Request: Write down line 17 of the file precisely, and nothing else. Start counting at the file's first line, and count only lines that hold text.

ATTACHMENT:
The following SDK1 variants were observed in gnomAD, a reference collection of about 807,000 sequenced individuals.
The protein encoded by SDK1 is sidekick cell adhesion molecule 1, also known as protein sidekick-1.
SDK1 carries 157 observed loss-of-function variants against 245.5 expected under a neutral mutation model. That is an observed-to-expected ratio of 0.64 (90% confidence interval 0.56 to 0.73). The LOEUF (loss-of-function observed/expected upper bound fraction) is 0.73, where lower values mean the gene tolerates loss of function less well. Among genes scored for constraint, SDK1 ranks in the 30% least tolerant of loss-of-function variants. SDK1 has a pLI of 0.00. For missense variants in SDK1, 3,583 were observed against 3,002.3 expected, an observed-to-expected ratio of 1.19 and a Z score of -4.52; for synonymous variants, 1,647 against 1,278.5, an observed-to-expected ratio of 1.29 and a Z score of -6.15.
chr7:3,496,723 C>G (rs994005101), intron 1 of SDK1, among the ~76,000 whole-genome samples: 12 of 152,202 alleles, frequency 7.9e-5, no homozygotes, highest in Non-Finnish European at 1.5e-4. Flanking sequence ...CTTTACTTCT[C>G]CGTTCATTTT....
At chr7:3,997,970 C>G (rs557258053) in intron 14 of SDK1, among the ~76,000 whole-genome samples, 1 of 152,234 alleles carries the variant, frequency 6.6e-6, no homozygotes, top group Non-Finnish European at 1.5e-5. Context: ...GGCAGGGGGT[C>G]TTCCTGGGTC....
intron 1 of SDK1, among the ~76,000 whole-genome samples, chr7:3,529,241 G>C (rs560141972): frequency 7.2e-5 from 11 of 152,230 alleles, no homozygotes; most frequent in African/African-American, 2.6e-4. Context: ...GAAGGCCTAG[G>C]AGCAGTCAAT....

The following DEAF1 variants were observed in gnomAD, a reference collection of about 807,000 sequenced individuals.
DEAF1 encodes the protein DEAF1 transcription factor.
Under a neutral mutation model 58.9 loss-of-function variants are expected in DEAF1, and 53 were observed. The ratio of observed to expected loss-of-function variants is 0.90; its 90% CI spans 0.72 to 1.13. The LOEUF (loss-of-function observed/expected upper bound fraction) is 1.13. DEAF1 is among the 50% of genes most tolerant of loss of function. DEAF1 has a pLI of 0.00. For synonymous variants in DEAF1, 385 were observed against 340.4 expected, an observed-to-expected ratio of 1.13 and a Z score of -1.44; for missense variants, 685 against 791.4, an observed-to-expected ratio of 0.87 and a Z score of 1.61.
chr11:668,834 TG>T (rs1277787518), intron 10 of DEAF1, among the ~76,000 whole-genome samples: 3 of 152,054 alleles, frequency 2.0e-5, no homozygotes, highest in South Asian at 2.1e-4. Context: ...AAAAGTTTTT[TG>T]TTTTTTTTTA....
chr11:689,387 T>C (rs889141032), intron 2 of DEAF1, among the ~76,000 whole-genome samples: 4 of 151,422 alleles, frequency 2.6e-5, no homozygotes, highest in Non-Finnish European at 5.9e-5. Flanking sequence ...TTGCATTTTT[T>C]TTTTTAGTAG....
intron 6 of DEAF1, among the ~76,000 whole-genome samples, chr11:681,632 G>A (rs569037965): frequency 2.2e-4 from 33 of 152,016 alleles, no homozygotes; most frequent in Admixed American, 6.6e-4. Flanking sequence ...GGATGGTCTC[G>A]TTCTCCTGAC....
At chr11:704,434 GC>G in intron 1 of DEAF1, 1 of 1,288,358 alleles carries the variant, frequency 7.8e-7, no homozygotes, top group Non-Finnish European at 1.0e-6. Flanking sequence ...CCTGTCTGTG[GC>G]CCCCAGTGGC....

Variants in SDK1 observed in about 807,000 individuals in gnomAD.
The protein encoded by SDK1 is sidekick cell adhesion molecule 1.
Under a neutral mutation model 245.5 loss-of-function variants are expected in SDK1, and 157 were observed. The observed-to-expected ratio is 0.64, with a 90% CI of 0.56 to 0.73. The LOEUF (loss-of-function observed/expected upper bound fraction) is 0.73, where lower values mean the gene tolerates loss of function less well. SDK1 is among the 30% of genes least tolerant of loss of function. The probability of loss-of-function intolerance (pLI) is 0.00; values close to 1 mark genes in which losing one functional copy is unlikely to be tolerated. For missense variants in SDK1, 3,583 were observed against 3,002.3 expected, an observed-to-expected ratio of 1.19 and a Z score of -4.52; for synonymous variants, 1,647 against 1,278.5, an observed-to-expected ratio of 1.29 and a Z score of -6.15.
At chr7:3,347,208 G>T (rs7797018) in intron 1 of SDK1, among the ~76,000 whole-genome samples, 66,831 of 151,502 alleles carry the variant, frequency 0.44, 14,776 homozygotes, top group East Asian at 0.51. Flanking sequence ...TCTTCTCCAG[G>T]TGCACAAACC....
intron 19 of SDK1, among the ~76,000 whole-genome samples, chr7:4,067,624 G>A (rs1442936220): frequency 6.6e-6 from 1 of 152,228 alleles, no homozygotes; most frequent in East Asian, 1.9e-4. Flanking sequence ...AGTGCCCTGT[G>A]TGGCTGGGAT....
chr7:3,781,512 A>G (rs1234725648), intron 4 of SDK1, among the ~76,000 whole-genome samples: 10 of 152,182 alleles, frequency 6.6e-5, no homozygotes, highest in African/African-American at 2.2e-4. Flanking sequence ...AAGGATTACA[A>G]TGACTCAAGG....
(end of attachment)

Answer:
At chr7:3,347,208 G>T (rs7797018) in intron 1 of SDK1, among the ~76,000 whole-genome samples, 66,831 of 151,502 alleles carry the variant, frequency 0.44, 14,776 homozygotes, top group East Asian at 0.51. Flanking sequence ...TCTTCTCCAG[G>T]TGCACAAACC....